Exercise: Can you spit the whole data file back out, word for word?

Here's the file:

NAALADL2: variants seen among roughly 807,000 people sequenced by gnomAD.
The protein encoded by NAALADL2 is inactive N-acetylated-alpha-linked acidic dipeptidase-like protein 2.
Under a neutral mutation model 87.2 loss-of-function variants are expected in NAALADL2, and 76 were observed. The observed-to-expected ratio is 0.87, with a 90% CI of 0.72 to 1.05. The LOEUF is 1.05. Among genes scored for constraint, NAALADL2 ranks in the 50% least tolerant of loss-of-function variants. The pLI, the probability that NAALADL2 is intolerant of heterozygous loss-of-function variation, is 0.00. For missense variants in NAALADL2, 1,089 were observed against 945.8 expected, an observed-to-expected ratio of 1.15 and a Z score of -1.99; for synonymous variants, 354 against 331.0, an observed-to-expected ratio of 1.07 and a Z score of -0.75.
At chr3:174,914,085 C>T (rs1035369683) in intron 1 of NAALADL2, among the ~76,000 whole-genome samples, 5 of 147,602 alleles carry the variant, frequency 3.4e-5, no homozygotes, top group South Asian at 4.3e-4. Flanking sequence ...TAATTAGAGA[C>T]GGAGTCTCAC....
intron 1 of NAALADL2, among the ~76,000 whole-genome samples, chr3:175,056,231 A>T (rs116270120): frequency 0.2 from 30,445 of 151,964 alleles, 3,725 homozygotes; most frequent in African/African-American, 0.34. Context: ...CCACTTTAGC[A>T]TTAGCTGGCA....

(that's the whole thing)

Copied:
NAALADL2: variants seen among roughly 807,000 people sequenced by gnomAD.
The protein encoded by NAALADL2 is inactive N-acetylated-alpha-linked acidic dipeptidase-like protein 2.
Under a neutral mutation model 87.2 loss-of-function variants are expected in NAALADL2, and 76 were observed. The observed-to-expected ratio is 0.87, with a 90% CI of 0.72 to 1.05. The LOEUF is 1.05. Among genes scored for constraint, NAALADL2 ranks in the 50% least tolerant of loss-of-function variants. The pLI, the probability that NAALADL2 is intolerant of heterozygous loss-of-function variation, is 0.00. For missense variants in NAALADL2, 1,089 were observed against 945.8 expected, an observed-to-expected ratio of 1.15 and a Z score of -1.99; for synonymous variants, 354 against 331.0, an observed-to-expected ratio of 1.07 and a Z score of -0.75.
At chr3:174,914,085 C>T (rs1035369683) in intron 1 of NAALADL2, among the ~76,000 whole-genome samples, 5 of 147,602 alleles carry the variant, frequency 3.4e-5, no homozygotes, top group South Asian at 4.3e-4. Flanking sequence ...TAATTAGAGA[C>T]GGAGTCTCAC....
intron 1 of NAALADL2, among the ~76,000 whole-genome samples, chr3:175,056,231 A>T (rs116270120): frequency 0.2 from 30,445 of 151,964 alleles, 3,725 homozygotes; most frequent in African/African-American, 0.34. Context: ...CCACTTTAGC[A>T]TTAGCTGGCA....